The shepherds went into the stable and the sheep just kind of stood around outside.  That’s what they did.  Stood around.  Sam the sheep got curious.  The last time he got curious he ended up getting his head stuck in a hole for half a day, but he figured if the shepherd was in there it couldn’t be too bad.  Sam rammed himself past some other sheep and looked inside the barn.

What he saw absolutely shocked him to the wool.

The proper feeding trough in this barn was being used!  They put a human baby in there.  That’s no place for a baby!  Babies belong in a knapsack or in a drawer or something, not in a trough where food goes!  A trough is a place for food!  Mmmmm… food is good.  Then, Sam the sheep heard his shepherd’s voice and he listened because he always listened to the voice of his shepherd.

“The angels told us He is our Savior.  The angels told us He is the Christ.  The angels told us He is God.  Is that true?”  Both the man and the very tired looking woman said yes.  Sam the sheep was looking at The Good Shepherd in the flesh. 

The Good Shepherd is the Savior.

The Good Shepherd is the Christ.

The Good Shepherd is God.

Well, Sam already knew that last one.  God was everyone and everything’s Good Shepherd.  The shepherds starting praying.  Then the shepherds were singing.  The parents just held their kid and took it all in.  Sam understood what he was looking at.  The Almighty God had entered creation and became flesh and made His dwelling among His creation.  That wasn’t just good, but the bestest.

Seeing The Good Shepherd in the flesh was a little underwhelming to tell the truth.  He was a baby.  In a barn.  Taking up space meant for food.  The shepherds seemed overjoyed and were sharing the news with everyone they passed on the way out of town.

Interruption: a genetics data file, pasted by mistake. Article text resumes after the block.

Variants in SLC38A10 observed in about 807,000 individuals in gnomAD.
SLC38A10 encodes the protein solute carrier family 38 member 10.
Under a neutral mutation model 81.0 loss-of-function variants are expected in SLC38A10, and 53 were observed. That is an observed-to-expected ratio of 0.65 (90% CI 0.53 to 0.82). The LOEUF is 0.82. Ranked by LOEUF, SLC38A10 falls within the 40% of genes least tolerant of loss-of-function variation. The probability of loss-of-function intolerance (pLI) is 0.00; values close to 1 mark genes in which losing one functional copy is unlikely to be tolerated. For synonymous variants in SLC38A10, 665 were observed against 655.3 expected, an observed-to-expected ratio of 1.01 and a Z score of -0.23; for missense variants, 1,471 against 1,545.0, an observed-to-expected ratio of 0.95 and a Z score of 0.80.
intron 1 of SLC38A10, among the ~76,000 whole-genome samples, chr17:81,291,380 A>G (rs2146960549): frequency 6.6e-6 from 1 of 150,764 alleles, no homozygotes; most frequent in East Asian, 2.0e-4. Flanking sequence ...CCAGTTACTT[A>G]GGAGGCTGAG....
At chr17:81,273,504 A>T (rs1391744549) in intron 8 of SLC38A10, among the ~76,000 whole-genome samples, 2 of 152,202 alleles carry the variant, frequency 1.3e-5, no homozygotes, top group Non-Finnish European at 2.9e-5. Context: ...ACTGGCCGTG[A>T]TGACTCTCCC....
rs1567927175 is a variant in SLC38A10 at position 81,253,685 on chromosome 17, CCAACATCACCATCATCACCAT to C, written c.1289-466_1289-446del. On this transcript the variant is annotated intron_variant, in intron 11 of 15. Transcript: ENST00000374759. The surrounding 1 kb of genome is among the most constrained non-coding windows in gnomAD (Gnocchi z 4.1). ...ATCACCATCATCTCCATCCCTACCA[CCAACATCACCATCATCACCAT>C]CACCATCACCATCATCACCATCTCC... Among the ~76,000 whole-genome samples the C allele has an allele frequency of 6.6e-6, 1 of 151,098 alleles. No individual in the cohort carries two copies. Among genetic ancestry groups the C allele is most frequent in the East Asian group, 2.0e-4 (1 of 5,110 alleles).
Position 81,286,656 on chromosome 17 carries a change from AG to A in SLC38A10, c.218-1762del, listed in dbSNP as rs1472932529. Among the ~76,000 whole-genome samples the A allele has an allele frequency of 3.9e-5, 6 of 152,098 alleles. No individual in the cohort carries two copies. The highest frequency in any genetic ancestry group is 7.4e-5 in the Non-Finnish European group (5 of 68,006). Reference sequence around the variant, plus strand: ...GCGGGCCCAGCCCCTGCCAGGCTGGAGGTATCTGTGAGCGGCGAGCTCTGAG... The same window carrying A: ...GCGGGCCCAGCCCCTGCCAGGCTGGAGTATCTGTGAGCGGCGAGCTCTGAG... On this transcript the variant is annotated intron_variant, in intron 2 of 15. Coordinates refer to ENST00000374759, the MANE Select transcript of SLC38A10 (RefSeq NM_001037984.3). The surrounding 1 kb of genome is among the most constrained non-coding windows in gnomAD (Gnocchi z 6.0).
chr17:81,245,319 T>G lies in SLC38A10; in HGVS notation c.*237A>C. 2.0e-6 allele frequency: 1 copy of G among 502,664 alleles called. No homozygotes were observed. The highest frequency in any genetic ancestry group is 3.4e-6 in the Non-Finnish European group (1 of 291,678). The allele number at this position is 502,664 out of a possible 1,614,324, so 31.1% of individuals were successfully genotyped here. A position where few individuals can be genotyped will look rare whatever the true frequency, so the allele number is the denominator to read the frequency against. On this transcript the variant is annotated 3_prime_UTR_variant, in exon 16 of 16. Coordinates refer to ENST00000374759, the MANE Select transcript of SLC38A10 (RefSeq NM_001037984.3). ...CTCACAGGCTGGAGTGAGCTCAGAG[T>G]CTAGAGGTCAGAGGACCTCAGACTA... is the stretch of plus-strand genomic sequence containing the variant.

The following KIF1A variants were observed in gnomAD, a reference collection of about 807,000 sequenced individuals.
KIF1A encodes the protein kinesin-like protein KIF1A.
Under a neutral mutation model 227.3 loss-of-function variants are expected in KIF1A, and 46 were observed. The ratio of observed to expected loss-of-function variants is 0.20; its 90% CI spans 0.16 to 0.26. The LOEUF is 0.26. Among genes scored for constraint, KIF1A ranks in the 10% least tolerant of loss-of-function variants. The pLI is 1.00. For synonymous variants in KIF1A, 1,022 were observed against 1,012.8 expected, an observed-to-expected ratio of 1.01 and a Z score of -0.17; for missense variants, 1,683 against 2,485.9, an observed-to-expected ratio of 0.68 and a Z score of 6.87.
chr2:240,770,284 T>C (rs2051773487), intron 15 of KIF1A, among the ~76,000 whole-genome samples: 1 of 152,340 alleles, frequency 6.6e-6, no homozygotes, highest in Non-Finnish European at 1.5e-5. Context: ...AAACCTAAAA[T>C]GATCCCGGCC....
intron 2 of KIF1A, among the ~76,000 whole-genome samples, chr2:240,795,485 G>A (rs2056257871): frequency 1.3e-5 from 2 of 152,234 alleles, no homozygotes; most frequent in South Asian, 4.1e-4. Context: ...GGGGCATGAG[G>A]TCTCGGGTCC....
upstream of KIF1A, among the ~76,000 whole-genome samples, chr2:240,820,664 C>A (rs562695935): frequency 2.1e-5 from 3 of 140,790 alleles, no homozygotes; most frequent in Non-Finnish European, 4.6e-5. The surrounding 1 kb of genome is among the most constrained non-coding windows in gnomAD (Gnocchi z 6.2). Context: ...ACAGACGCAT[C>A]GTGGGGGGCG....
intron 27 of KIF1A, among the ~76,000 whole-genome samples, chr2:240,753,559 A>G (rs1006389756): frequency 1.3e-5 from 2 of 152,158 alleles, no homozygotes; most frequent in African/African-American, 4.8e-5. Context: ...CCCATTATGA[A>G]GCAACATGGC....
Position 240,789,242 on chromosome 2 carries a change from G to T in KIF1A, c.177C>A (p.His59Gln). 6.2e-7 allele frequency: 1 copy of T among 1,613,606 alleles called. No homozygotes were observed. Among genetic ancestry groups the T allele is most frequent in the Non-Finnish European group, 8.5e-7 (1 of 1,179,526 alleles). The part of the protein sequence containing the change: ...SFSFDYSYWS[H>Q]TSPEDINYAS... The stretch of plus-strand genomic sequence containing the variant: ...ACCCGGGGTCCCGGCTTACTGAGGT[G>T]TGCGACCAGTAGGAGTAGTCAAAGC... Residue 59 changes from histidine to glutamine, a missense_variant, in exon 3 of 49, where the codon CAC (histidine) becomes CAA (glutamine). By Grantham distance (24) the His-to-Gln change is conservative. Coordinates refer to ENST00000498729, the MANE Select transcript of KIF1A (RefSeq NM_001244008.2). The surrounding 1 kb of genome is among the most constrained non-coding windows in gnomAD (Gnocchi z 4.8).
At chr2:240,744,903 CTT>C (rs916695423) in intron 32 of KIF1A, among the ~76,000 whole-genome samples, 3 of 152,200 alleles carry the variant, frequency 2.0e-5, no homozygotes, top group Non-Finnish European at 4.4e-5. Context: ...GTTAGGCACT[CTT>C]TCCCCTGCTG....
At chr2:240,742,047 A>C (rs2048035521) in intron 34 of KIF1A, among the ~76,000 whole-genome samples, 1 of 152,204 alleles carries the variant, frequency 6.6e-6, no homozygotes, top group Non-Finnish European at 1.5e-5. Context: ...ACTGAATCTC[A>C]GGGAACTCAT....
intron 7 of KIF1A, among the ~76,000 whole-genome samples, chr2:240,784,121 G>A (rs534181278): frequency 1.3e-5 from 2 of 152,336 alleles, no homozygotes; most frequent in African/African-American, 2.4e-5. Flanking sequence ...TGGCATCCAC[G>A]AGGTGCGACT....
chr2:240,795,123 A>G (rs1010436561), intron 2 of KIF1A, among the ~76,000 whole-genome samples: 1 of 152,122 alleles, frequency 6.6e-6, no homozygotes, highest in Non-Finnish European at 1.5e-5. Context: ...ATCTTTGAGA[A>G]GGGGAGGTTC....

Sam told a dog he passed, “Hey The Good Shepherd is here and He will bring people salvation.”

Sam told a cat he passed, “Hey The Good Shepherd is here and He will forgive people of sins.”

Sam told a rabbit he passed, “Hey The Good Shepherd is here and He will lead lost people to God.”

Sam the sheep was never the same after that night.  Would ewe be?

Philemon 1-25


I want you to put into your mind perhaps 4 people that you might be dealing with in your life. 

Person 1: The first person we may need to forgive is someone in our extended family.  You have decided to invite all your family over for Thanksgiving.  You have a stack of invitations to send in the mail for all your various family members.  You are going through your family and writing out invitations for them.  Imagine yourself doing that.  Who did you skip?  Who do you not want to invite?

Person 2: The second person we may need to forgive is what I would consider an influencer.  Think of your mother.  Think of your father.  Think of your spouse.  Perhaps that spouse is now an ex-spouse.  Has one of these primary influencers in your life done something or said something or hurt you in a way that is stuck in your heart?

Person 3: The third person we may need to forgive is someone at your job.  Many of us spend 30-50 hours a week with people at a job and there are bound to be conflicts.  Is there someone at your work that you absolutely have issues with and there is bitterness in your heart for them? 

Person 4: Person who has harmed you emotionally.  This is a person, it might be one of your children, a dear friend, a person at work, or maybe even someone who fired off a facebook or twitter post about you.  There are people who have hurt our feelings on accident.  There are people who have hurt our feelings on purpose.